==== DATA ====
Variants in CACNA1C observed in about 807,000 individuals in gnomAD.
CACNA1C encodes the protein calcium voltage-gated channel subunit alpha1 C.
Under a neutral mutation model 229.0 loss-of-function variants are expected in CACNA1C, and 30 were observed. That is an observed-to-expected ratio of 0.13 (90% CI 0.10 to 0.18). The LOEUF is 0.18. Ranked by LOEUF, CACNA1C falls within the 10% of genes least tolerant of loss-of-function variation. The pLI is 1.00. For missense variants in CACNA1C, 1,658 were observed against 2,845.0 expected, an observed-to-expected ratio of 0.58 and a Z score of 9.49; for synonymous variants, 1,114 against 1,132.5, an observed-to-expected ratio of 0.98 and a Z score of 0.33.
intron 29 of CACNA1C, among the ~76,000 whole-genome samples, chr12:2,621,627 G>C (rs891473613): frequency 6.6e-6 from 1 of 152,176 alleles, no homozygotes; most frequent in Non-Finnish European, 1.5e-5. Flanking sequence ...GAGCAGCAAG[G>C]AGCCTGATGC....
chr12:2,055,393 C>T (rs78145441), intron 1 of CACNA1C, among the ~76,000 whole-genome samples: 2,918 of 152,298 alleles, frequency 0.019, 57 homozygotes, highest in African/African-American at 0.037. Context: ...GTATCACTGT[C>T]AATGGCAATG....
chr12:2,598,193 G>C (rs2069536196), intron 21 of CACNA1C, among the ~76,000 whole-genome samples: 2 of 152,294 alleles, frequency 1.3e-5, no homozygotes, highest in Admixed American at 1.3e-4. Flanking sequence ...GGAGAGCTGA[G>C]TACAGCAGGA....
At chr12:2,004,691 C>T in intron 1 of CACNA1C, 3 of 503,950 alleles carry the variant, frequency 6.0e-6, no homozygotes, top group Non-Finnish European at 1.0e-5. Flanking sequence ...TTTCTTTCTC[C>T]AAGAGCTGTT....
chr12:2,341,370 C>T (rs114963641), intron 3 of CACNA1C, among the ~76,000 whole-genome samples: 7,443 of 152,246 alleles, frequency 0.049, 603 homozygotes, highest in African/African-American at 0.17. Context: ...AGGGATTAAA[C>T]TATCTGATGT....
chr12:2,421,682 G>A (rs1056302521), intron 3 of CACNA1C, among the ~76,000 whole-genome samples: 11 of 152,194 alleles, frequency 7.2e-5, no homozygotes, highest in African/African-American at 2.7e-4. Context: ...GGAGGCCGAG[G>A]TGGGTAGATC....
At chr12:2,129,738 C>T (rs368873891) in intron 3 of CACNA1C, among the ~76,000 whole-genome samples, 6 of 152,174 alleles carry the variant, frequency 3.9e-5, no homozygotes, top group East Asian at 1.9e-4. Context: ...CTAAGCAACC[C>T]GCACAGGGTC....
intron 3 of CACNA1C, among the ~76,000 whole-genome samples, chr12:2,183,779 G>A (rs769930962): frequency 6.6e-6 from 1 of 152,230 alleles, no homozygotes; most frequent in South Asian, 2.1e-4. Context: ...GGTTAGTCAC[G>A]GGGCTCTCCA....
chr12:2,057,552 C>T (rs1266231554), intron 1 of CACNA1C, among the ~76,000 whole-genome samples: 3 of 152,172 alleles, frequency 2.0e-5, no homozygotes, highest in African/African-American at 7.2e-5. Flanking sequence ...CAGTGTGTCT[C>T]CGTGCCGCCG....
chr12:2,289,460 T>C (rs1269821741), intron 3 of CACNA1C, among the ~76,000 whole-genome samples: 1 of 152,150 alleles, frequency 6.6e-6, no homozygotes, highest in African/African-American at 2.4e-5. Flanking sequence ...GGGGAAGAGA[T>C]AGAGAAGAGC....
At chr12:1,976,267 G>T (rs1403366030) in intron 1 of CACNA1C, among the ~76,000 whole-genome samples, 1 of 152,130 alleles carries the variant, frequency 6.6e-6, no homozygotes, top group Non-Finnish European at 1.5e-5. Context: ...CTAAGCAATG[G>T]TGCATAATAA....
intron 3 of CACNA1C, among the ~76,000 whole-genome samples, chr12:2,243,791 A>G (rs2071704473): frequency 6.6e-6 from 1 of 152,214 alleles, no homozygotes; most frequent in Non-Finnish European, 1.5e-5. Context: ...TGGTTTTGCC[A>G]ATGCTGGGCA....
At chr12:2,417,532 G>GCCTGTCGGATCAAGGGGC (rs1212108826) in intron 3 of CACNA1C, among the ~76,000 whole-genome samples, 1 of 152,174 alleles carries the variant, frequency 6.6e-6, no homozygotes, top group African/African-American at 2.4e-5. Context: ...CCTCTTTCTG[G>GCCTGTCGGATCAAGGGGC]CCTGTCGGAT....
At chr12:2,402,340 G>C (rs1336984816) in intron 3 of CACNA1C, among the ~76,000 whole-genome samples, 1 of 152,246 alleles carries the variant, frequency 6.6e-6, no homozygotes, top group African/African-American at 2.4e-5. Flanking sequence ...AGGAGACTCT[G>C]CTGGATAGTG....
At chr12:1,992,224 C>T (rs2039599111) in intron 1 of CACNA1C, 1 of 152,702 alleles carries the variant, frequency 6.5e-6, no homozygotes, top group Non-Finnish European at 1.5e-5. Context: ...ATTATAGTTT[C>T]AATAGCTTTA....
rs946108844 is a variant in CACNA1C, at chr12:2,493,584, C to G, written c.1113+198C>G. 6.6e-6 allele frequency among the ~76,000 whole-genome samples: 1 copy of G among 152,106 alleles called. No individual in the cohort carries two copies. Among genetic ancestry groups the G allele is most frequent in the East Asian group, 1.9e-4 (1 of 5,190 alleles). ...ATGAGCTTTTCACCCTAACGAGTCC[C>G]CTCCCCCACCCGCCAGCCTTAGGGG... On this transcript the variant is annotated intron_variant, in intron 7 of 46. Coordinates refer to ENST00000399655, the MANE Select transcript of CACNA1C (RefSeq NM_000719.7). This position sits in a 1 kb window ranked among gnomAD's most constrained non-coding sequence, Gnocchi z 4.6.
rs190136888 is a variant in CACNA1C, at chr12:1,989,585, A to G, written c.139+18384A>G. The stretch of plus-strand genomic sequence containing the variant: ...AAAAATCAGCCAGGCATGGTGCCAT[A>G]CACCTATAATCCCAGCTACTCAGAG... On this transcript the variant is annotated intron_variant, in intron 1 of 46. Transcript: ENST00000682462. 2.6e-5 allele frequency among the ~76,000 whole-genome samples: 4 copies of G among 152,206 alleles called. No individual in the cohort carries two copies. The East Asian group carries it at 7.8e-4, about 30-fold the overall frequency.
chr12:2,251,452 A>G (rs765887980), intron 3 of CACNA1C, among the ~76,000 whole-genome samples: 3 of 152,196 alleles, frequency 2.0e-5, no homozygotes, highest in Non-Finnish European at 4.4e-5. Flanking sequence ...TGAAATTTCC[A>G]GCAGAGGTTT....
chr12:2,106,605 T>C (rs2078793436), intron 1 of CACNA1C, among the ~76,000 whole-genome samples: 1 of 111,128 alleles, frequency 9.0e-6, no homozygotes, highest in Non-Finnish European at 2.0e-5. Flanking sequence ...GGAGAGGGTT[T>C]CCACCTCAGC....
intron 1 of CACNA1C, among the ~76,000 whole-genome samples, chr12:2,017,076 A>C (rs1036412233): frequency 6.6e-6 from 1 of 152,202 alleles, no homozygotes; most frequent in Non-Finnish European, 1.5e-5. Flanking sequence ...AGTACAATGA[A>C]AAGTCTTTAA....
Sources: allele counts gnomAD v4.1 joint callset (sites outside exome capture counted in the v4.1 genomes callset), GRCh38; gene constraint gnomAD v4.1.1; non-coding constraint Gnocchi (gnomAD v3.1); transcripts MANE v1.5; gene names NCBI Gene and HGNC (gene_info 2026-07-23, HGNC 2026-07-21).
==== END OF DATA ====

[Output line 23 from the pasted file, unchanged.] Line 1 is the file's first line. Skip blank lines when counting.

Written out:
intron 1 of CACNA1C, among the ~76,000 whole-genome samples, chr12:2,017,076 A>C (rs1036412233): frequency 6.6e-6 from 1 of 152,202 alleles, no homozygotes; most frequent in Non-Finnish European, 1.5e-5. Flanking sequence ...AGTACAATGA[A>C]AAGTCTTTAA....